Large randomized EORTC trial contributes to the evidence on adjuvant chemotherapy in high risk soft tissue sarcomas

An EORTC Soft Tissue and Bone Sarcoma Group / National Cancer Institute of Canada (NCIC) Clinical Trials Group Sarcoma Disease Site Committee clinical trial has made a significant contribution towards understanding adjuvant chemotherapy in treating resected high risk soft tissue sarcomas in an article reported in Lancet Oncology.

Soft-tissue sarcomas are difficult to treat. They can develop anywhere in the body and have over fifty different histological subtypes, yet they comprise less than 1% of malignancies. The standard treatment for localized disease is surgery, often combined with radiotherapy, but the idea of using adjuvant chemotherapy to improve survival rates in high grade soft tissue sarcoma has been a subject of particular interest. The randomized EORTC trial 62931 was designed to assess adjuvant chemotherapy with doxorubicin, ifosfamide and lenograstim, in resected high grade tumors.

Dr. Penella Woll of the Weston Park Hospital in Sheffield, United Kingdom, and Study Coordinator for this trial says, “This trial represented a sustained effort from an international collaborative group over almost 20 years. Our data significantly expand the available evidence on adjuvant chemotherapy in resected soft-tissue sarcoma.”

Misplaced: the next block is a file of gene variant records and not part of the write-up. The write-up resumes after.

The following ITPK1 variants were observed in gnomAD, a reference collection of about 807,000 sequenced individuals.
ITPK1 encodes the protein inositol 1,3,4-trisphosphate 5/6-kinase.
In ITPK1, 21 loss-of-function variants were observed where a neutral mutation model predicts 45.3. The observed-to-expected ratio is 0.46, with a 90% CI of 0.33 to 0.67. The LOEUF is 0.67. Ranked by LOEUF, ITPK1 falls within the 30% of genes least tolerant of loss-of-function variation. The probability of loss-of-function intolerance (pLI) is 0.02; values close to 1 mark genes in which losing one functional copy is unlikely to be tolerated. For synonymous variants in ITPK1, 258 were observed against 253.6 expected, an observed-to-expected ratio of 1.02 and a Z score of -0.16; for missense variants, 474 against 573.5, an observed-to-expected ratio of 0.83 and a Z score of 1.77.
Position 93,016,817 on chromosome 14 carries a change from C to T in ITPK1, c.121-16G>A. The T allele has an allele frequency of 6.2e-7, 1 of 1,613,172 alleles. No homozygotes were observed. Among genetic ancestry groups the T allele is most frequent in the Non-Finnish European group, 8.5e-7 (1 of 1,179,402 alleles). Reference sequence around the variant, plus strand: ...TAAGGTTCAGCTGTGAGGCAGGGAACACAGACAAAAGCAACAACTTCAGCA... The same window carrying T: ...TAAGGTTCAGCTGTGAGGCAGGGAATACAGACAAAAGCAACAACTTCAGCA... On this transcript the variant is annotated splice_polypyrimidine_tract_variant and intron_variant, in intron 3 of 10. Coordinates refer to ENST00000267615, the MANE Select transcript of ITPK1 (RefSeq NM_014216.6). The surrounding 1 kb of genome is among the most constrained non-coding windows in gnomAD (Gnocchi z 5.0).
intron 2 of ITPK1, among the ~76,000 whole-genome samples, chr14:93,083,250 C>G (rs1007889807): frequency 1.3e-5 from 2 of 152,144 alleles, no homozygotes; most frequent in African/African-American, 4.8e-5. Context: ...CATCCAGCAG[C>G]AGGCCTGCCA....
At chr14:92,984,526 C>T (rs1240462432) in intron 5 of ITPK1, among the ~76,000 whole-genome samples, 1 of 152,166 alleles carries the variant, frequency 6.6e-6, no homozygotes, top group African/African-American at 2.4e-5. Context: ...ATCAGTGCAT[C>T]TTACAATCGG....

A total of 351 patients with histologically proven, non-metastatic intermediate or high grade (Trojani grade II or III) soft tissue sarcoma that had been definitively resected were recruited from 36 sarcoma centers in Europe and Canada between 1995 and 2003 and randomized to control (observation), 176 patients, or adjuvant chemotherapy, 175 patients. All patients received radiotherapy if the resection was marginal or the tumor recurrent.

Adjuvant chemotherapy was well tolerated, and 79.8% of patients who began adjuvant chemotherapy completed the treatment. There were no toxic deaths, but 9.8% of the patients experienced grades 3 or 4 fever or infection. Radiotherapy was administered to 129 patients (73.5%) in each arm.

The five year survival rate was 67% with no significant difference in overall survival (OS) (hazard ratio (HR) 0.94, 95% confidence intervals (CI) 0.68, 1.31, p = 0.717) or relapse free survival (RFS) (HR 0.91, 95% CI 0.67, 1.22, p = 0.508) between the treatment arms. Furthermore, no subgroup was identified to benefit from adjuvant chemotherapy.

The addition of adjuvant chemotherapy with doxorubicin and ifosfamide to the standard treatment of surgery and radiotherapy in soft tissue sarcoma shows no benefit in OS or RFS.

John Bean

Back to news list